Why You Need A Dog

We are sitting writing this as our Maltese, Blake, is sleeping on our lap. So, you can imagine why we are huge advocates on owning a dog. (Look at that Bow-tie!) We are here to tell you why you need one, desperately- and places you can go to adopt one!

Scientists have proof that dogs make us laugh more than cats, keep us more active than the average human companion, and even reduce our chances of depression. We can tell you very confidently that it is very hard to be depressed or mop around the house when we have this face staring back at us. 

Dogs make us laugh more.

People who own dogs laugh more, according to a study published in the journal Society & Animals. Researchers asked people who owned dogs, cats, both, or neither to record how often they laughed over the course of a day. Those who owned just dogs and both dogs and cats recorded laughing more than the other two groups.

They are loyal, always.

Stephen Zawistowski, a science adviser at the American Society for the Prevention of Cruelty to Animals, says that dogs see their human owners as fellow members of their pack and form the same close bond with their owners as they would with their canine brothers and sisters.

Dogs might even protect us from poor health.

Children born into households with a dog have a lower risk of developing asthma and allergies, the reason being dust. A study published in the Proceedings of the National Academy of Sciences showed that when exposed to dust from households where dogs were permitted inside and outside, mice developed an altered community of microbes in their gut that protect against allergens. It was reported that these microbes could be what's protecting young children from developing allergens in households with dogs.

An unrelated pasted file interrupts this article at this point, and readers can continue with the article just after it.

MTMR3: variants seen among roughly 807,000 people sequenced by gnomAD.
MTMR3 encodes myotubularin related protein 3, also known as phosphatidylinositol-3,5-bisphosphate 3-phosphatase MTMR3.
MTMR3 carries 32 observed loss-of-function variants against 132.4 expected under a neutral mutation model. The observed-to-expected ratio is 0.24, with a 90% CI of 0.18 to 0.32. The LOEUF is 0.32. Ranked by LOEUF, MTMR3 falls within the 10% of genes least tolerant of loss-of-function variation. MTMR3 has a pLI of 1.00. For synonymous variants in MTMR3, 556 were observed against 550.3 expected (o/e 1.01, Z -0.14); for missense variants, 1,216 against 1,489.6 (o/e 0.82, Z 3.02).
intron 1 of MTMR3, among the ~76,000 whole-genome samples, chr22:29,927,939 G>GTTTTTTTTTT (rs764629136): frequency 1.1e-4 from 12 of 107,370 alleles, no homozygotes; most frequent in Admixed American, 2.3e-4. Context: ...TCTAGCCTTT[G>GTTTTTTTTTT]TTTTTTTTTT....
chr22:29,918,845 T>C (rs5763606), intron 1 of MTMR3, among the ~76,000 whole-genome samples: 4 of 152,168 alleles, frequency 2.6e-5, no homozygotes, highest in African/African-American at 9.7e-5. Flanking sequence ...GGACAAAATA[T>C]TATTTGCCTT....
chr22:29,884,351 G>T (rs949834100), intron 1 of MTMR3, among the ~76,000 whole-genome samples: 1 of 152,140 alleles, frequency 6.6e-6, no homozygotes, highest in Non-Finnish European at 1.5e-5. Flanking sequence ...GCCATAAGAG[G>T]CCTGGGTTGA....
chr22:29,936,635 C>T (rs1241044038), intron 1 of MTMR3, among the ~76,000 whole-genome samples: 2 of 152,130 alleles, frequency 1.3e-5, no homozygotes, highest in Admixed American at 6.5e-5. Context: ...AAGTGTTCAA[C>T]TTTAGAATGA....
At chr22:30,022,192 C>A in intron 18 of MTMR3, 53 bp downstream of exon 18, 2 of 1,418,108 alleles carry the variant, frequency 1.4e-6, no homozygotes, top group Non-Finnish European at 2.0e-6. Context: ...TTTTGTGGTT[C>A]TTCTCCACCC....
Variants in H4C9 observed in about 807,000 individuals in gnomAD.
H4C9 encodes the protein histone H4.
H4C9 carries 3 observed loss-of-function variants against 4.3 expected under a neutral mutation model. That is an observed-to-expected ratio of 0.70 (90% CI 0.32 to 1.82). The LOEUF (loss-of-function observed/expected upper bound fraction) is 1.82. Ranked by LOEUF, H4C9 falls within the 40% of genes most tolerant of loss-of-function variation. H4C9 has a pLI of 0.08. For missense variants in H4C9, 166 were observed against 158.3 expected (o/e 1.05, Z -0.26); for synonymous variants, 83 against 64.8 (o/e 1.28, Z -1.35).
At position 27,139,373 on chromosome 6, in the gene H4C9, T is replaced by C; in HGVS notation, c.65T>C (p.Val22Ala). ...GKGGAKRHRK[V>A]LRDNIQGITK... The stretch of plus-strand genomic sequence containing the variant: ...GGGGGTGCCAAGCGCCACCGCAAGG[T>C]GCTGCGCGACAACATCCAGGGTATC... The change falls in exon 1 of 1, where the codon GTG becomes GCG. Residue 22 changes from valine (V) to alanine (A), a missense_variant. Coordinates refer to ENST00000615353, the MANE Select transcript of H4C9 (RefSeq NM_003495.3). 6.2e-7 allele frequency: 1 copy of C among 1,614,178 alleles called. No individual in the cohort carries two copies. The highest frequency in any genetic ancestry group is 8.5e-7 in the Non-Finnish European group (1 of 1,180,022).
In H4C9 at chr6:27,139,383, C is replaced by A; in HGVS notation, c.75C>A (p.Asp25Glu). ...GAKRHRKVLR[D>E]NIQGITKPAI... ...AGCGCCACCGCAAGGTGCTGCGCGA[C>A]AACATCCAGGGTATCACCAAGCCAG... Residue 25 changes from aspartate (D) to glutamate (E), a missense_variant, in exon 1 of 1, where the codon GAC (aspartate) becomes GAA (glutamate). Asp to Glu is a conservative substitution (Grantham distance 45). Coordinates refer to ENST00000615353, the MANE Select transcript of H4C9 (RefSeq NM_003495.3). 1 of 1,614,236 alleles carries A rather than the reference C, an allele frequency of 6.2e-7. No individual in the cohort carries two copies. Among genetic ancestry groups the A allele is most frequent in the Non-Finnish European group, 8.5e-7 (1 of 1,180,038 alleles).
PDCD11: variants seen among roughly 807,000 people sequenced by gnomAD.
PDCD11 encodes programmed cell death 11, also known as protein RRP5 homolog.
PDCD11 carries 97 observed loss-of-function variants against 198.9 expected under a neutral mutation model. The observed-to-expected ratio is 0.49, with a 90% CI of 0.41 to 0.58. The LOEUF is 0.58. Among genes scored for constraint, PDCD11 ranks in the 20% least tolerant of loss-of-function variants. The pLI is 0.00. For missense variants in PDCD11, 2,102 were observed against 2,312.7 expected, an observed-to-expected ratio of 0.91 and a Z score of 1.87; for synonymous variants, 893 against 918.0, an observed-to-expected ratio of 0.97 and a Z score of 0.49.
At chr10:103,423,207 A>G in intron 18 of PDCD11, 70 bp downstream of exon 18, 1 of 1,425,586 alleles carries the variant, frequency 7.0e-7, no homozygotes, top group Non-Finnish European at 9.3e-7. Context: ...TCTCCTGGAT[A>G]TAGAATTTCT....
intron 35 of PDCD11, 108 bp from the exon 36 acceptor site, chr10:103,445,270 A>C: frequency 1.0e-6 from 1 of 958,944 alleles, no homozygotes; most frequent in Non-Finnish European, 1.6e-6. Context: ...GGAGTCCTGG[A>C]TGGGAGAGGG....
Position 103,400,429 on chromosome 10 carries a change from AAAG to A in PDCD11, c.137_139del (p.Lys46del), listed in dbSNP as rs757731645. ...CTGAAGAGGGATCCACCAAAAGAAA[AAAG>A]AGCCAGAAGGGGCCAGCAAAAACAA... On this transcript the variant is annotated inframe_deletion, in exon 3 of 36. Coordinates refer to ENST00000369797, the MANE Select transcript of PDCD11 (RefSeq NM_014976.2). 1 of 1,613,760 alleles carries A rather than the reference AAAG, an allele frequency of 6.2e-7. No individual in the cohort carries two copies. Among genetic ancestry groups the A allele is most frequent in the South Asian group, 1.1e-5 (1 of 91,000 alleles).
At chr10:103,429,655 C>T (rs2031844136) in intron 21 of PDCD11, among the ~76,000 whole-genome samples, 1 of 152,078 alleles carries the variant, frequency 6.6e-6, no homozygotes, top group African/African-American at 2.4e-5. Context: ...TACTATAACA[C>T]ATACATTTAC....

Michigan State University reported that 60% of dog owners who took their pets for regular walks met federal criteria for regular moderate or vigorous exercise.

Elderly people who walk their dogs actually have a more regular exercise routine and are more physically fit than the elderly who walk with other people, according to a study published in the Journal of Psychosocial Nursing and Mental Health Services.

They save our lives.

Dogs can also help humans by acting as an early warning system for patients who suffer from seizures. Trained dogs can sense the onset of a seizure up to 15 minutes before it occurs and will bark when this happens, which then warns the patient to sit so to prevent injury from falling down.

Dogs are great companions for anyone, but especially for the elderly. The Journal of Social Psychology showed that elderly who owned a dog reported feeling more satisfied with their social, physical, and emotional state than those without a dog.

In a study that measured oxytocin levels from two groups of dog owners, the group that was instructed not to look directly at their dog had lower oxytocin levels than the other group that made regular eye contact.

Another study found that dog owners who relied on their dogs for social fulfillment reported that "they were less depressed, less lonely, had higher self-esteem, were happier, and tended to experience less perceived stress."

Where to Rescue in NY:

Long Island:

Little Shelter Animal Rescue & Adoption Center

Address: 33 Warner Rd Huntington, NY 11743 
Phone: 631-368-8770 
Website: Littleshelter.com

NYC:

The Humane Society of New York

Address: 306 E. 59th St
Phone: 212-752-4842 
Website: Humanesocietyny.org

Social Tees Animal Rescue

Address: 325 East 5th St
Phone: 212-614-9653
Website: Socialteesnyc.org
 

Animal Haven

Address: 200 Centre St 
Phone: 212-274-8511
Website: Animalhavenshelter.org

City Critters

Addresses:
Petco Turtle Bay, 991 Second Ave
PetSmart, 632 Broadway
Phone: Petco: 212-593-7213; Petsmart: (212-475-0893
Website: Citycritters.org (or find their pets via Petfinder)

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